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Orchestration for Band: a companion course - Intro

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This lesson is intended as a companion course for QcCowboy

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Different Instruments, Different Concept of Ensemble

One of the major differences been the Orchestra and the Band is of course the instrumentation. Beyond the obvious difference of not having a string section, there is a completely different mentality regarding the use of instruments. In the Orchestra, if the composer writes for 2 flutes, 2 oboes, 2 clarinets, 2 bassoons, 2 horns, 2 trumpets, timpani, and strings, the piece will almost invariably be played by that exact combination of instruments. In the Band, however, each band has its own peculiar instrumentation; a particular ensemble may have only 1 oboe, no bassoons, 5 flutes, 12 clarinets, etc. Frequent cross-cueing is sometimes necessary to ensure that parts are covered.

Due to this, many Band conductors have a rather cavalier attitude regarding the composer

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The "Standard" Instrumentation

Due to the immense variety of Bands of all levels of skill, I will summarize three types of ensembles one is most likely to encounter: the Professional wind ensemble, the Collegiate/Scholastic band, and the Community band. Please note that each of the examples below is in proper score order (though some composers prefer to place the bassoons above the clarinets to keep the double reed instruments together).

Of the three types, the Professional wind ensemble will be most recognizable to composers accustomed to writing for Orchestra. The Professional wind ensemble will be a chamber ensemble with one person per part, excepting the Bb clarinets, who will have 2 or 3 players per part. The ensemble is usually of a fixed size, with no "extra" instruments, and will be quite capable of playing anything that one would write for the modern virtuoso Orchestra. The following list shows the typical Professional wind ensemble:

1 Piccolo (Flute III)

1 Flute I

1 Flute II (may double Alto Flute)

1 Oboe I

1 Oboe II (may double English Horn)

1 English Horn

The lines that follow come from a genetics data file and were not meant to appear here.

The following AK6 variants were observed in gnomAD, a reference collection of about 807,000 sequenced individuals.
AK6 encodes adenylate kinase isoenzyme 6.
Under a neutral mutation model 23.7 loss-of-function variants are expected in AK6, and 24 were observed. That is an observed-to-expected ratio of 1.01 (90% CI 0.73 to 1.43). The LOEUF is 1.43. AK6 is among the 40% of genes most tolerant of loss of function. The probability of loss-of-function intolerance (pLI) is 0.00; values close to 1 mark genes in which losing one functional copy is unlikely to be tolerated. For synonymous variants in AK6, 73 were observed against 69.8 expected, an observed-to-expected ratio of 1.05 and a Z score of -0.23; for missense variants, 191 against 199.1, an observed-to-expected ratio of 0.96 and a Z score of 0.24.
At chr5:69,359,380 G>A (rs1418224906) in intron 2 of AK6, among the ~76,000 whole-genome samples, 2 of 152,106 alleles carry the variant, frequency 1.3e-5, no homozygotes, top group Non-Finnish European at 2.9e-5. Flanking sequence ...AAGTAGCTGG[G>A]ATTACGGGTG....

0-1 Eb Clarinet (may also play Bb Clarinet I)

2-3 1st Bb Clarinets (one player may double on Eb Clarinet)

2-3 2nd Bb Clarinets

2-3 3rd Bb Clarinets

0-1 Eb Alto Clarinet

1 Bb Bass Clarinet

0-1 Eb Contra-alto Clarinet

0-1 Bb Contrabass Clarinet

1 Bassoon I

1 Bassoon II

0-1 Contrabassoon

1 1st Eb Alto Saxophone (may double Bb Soprano Saxophone)

1 2nd Eb Alto Saxophone

1 Bb Tenor Saxophone

1 Eb Baritone Saxophone

4-5 Bb Trumpets/Cornet (divided, see this article for details)

1 1st Horn in F

1 2nd Horn in F

1 3rd Horn in F

1 4th Horn in F

1 Trombone I

1 Trombone II

1 Trombone III (Bass Trombone)

1-2 Euphoniums

2-3 Tubas

0-1 String Bass

1 Timpani (4 to 5 drums)

3-5 Percussion

The typical Collegiate/Scholastic band is attached to an institute of higher learning. It tends to have more players, since many of the players are music majors or minors and are required to play in specific ensembles for course credit. This Band may be as accomplished as any Professional Band, or it may be only as advanced as a high school ensemble; the level of quality and musicianship may vary greatly. The following list shows the typical Collegiate/Scholastic band:

1-2 Piccolo (may double Flute)

1-6 Flute I

1-6 Flute II

1-6 Flute III

1-2 Oboe I

0-2 Oboe II (may double English Horn)

0-1 English Horn

0-1 Eb Clarinet (may also play Bb Clarinet I)

2-6 1st Bb Clarinets

2-6 2nd Bb Clarinets

2-6 3rd Bb Clarinets

0-2 Eb Alto Clarinets

1-4 Bb Bass Clarinets

0-2 Eb Contra-alto Clarinet

0-2 Bb Contrabass Clarinet

0-1 Bassoon I

0-1 Bassoon II

0-1 Contrabassoon

1-4 1st Eb Alto Saxophone (may double Bb Soprano Saxophone)

1-4 2nd Eb Alto Saxophone

1-4 Bb Tenor Saxophone

1-2 Eb Baritone Saxophone

6-12 Bb Trumpets/Cornet (divided, see this article for details)

1-2 1st Horn in F

1-2 2nd Horn in F

0-2 3rd Horn in F

0-2 4th Horn in F

1-3 Trombone I

1-3 Trombone II

1-3 Trombone III (Bass Trombone)

2-4 Euphoniums

2-4 Tubas

0-1 String Bass

1 Timpani (3 to 5 drums)

4-7 Percussion

Finally, the Community band is a mixed bag; it may be as skilled as a Professional band, or it may contain quite mediocre musicians. It may have a full complement of musicians (like a Professional band) to cover each part, or it may be missing key instruments. The composer never knows what he will encounter in a Community band. The following list shows an example of a possible Community band (on the smaller sideā€¦ such a band could also be identical to the Collegiate/Scholastic band above):

0-1 Piccolo (may double Flute)

1-6 Flute I

1-6 Flute II

0-2 Oboe I

0-2 Oboe II (may double English Horn)

0-1 Eb Clarinet (may also play Bb Clarinet I)

2-6 1st Bb Clarinets

2-6 2nd Bb Clarinets

0-6 3rd Bb Clarinets

0-2 Eb Alto Clarinets

0-2 Bb Bass Clarinets

0-1 Eb Contra-alto Clarinet

0-1 Bb Contrabass Clarinet

0-1 Bassoon I

0-1 Bassoon II

1-2 1st Eb Alto Saxophone (may double Bb Soprano Saxophone)

1-2 2nd Eb Alto Saxophone

1-2 Bb Tenor Saxophone

0-1 Eb Baritone Saxophone

3-9 Bb Trumpets/Cornet (divided, see this article for details)

0-1 1st Horn in F

0-1 2nd Horn in F

0-1 3rd Horn in F

0-1 4th Horn in F

1-2 Trombone I

0-2 Trombone II

0-3 Trombone III (Bass Trombone)

1-3 Euphoniums

0-3 Tubas

0-1 Timpani (2 to 4 drums)

1-3 Percussion

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In further articles in this course, I will address the individual instruments of the Band and discuss issues related to their abilities, uses, and practical limitations. Exercises may be assigned as appropriate.

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